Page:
I’ll admit it. I was in love with Jan Brady. Sure, I was 13 and it was puppy love, but it was real to this puppy! But Eve Plumb only landed the role because of a bizarre set of events. In short, she got the role because she resembled Bulifant, assumed to be Carol Brady on the show. Had they hired Henderson first, Plumb would have never been on the show, and my first crush would have been put on hold.

5. Carol Brady was supposed to be a divorcee.

While Mike Brady was depicted as a widower, Carol’s pre-Brady marital status was a bit of a mystery. Sherwood Schwartz has said in several interviews that his intention was for Carol to have been a divorcee. (Her maiden name was “Tyler” and her married name was “Martin,” as revealed in the pilot episode.) But a divorce was still considered to be taboo for prime time television, especially for a family-friendly show, so the fate of Mr. Martin was always left a mystery.

6. The show was never a big hit.

The show never cracked Nielsen’s top 30 shows. But it did well enough to run for five seasons, which gave Paramount enough episodes to sell as a package for sydication. The show has been far more popular in reruns than it was in the 1970s.

7. Tiger met a tragic ending.

One evening after filming, Tiger’s trainer let the pooch out for daily exercise. But a careless driver didn’t see the dog. Tiger was hit and killed. A replacement dog was found at a local pound, but he was never the actor that Tiger #1 had become.

8. Marcia really took a football to the nose.

Christopher Knight was never able to hit his target when filming the crucial football-tossing scene in “The Subject Was Noses” (a.k.a. the “Oh, my nose!” episode). So Schwartz stepped in off-screen, threw a perfect spiral, and pegged Maureen’s nose with the pigskin in one take.

9. Six kids shared one bathroom with no toilet.

Toilets couldn’t be seen on television back then. So they didn’t have one.

10. Marcia and Greg shared romance.

In his book, Growing Up Brady, Barry Williams wrote that he and Maureen McCormick shared their first kiss while in Hawaii filming a three-episode story during the fourth season. A brief romance ensued.

From September 26, 1969 until March 8, 1974, ABC brought The Brady Bunch into our homes. No one was a bigger part of the show than Carol Brady, played by Florence Henderson. We will miss America’s favorite mom.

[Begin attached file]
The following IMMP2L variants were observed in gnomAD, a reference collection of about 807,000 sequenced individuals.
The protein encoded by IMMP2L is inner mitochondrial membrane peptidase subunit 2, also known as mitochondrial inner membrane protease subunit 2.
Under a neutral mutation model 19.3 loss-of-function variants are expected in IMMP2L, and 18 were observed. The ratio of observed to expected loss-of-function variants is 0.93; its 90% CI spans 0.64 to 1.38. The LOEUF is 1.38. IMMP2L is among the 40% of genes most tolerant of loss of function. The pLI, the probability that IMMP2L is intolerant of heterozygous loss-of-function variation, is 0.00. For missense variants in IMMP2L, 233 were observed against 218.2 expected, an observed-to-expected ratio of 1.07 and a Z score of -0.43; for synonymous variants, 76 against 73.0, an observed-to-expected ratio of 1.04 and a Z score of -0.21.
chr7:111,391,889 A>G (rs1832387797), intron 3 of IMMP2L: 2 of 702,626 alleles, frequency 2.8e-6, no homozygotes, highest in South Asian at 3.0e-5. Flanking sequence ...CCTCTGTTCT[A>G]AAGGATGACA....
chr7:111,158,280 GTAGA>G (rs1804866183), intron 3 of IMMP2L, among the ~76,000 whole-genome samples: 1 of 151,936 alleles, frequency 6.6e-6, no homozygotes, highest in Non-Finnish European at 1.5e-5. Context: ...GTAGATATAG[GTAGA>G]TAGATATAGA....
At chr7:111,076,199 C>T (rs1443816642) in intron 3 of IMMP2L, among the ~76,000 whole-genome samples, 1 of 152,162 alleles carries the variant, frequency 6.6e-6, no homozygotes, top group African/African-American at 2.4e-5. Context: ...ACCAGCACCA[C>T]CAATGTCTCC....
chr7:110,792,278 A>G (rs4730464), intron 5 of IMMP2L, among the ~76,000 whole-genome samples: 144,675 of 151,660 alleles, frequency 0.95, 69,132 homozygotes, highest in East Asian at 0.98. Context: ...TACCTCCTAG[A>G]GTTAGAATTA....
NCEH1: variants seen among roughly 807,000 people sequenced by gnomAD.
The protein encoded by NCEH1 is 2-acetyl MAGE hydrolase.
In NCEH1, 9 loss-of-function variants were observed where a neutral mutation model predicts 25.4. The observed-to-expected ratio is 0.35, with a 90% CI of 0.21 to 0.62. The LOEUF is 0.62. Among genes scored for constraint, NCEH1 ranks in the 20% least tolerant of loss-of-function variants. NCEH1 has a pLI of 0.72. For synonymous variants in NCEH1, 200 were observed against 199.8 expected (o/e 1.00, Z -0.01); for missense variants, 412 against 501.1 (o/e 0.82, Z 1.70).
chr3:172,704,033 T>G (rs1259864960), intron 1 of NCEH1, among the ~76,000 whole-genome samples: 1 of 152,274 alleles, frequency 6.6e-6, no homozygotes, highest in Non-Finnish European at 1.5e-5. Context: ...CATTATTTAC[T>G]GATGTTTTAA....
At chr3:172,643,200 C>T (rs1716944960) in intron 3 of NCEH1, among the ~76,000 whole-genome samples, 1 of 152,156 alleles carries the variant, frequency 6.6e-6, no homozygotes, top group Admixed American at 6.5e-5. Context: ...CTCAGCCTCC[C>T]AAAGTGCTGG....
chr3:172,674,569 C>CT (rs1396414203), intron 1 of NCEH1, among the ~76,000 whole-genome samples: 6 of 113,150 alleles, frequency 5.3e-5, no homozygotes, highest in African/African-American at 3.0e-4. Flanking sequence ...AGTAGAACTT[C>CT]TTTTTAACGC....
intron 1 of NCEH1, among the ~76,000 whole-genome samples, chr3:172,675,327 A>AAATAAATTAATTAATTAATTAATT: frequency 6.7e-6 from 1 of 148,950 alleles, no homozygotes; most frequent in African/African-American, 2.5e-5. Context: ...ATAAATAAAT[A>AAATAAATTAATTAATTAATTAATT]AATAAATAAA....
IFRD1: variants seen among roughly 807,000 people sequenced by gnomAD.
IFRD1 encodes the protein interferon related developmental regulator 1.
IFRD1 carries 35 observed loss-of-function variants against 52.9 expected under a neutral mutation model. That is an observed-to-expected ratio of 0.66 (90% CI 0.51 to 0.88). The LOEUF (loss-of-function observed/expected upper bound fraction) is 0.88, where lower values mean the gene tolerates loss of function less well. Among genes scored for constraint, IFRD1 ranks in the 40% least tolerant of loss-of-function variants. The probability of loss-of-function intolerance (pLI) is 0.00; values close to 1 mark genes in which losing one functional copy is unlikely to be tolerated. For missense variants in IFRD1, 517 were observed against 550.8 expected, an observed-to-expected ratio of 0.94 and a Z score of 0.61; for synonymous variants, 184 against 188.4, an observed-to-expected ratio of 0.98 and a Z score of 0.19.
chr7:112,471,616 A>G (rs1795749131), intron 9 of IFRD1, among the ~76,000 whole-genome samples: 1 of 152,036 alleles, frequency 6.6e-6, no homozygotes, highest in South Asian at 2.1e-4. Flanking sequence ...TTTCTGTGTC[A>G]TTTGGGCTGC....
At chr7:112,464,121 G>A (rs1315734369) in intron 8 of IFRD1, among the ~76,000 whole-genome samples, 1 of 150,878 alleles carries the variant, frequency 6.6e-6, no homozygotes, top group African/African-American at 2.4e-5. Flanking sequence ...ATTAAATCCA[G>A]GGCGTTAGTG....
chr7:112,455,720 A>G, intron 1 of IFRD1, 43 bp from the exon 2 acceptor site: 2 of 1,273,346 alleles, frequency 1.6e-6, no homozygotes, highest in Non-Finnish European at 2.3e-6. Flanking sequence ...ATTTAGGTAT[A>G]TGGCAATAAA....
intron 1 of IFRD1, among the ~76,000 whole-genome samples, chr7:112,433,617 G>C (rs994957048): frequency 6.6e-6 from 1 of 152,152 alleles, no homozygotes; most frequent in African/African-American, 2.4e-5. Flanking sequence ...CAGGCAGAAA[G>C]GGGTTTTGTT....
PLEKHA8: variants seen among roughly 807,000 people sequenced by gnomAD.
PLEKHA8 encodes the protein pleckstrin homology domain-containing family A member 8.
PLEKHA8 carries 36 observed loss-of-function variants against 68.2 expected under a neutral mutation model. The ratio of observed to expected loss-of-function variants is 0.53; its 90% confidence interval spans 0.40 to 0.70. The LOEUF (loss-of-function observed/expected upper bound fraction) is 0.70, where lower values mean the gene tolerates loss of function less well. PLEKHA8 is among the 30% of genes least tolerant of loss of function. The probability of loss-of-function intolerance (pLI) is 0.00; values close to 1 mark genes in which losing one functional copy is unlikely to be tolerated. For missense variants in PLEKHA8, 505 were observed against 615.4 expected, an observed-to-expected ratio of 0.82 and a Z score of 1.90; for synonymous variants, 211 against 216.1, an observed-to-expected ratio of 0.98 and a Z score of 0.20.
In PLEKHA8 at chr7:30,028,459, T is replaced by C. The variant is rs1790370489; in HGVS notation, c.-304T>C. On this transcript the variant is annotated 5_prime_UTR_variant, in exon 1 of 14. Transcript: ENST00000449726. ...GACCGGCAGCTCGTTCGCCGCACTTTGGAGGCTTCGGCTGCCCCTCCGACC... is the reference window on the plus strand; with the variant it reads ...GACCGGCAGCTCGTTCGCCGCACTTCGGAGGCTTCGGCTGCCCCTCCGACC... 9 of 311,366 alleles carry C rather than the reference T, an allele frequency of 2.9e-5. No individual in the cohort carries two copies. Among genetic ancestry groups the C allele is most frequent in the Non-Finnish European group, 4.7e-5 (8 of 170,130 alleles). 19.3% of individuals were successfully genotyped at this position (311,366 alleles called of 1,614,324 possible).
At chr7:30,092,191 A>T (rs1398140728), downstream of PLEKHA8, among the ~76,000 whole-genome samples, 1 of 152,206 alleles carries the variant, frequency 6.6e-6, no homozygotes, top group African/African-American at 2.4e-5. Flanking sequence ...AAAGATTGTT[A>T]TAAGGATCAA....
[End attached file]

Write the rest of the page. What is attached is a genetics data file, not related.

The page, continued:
And that’s the story of a lovely lady, who was bringing up three very lovely girls.

The Rushmore Report: Three Reasons Clinton Is a Pro-Abortionist Extremist

Democratic presidential nominee Hillary Clinton positions herself as a moderate on abortion. Yet, she now holds the most extreme positions on abortion of any presidential candidate in history. It’s not even close. Three examples follow, and each of them should scare off any voter who claims to value life.

1. She wants taxpayers to pay for abortions.

Clinton supports government funding for abortion. On June 10, she delivered a speech at a Planned Parenthood event in which she called for repealing the Hyde Amendment, a policy that prevents taxpayer funding for abortion.

“Let’s repeal laws like the Hyde Amendment that make it nearly impossible – for low-income women, disproportionately women of color, to exercise their full reproductive rights,” she said.

The Democratic National Committee added this goal to its platform after Clinton became the nominee.

Amazingly, Clinton wants well-intentioned Christians who value life and have genuine opposition of the taking of innocent life, to use their own money to pay for the taking of life. No Democratic candidate has ever taken this position – ever.

An August YouGov poll found that 55 percent of Americans support the Hyde Amendment. This includes a large number of Democrats, who are about evenly divided. Forty-one percent of Democrats support the ban on abortion funding while 44 percent oppose it.

2. She supports abortion until birth.

Clinton supports abortion right up until the very moment of birth. Of course, she doesn’t say it that way, because it sounds awful when you say a baby can be legally killed right before she’s born. Instead, Clinton uses some shifty Clintonian lingo.

She has said she supports restrictions only in the third trimester and only if there are exceptions for the “life and health of the mother.” (In one interview she said there should only be restrictions at the “very end of the third trimester.”) But as Clinton understands, and most voters don’t, the “health exception” is just a huge loophole that allows for abortion for any reason.

The U.S. Supreme Court ruled in Roe v. Bolton, the companion case to Roe v. Wade, that the health exception can be whatever the abortionist decides it is.

In an April appearance on ABC’s “The View,” Clinton was asked if she supports legal abortion “just hours before delivery,” and she agreed. That same week, on “Meet the Press,” she was asked, “When or if does an unborn child have constitutional rights?” She answered, “The unborn person doesn’t have constitutional rights.”

A July 16 Marist poll found that only 13 percent of Americans think abortion should be legal “through the entire pregnancy.” Similarly, a 2012 Gallup poll found that only 14 percent of Americans believe abortion should be legal “in the last three months of pregnancy,” and a July 2014 HuffPost/YouGov poll found that 59 percent of Americans support a ban on abortions after 20 weeks of gestation, which is during the second trimester.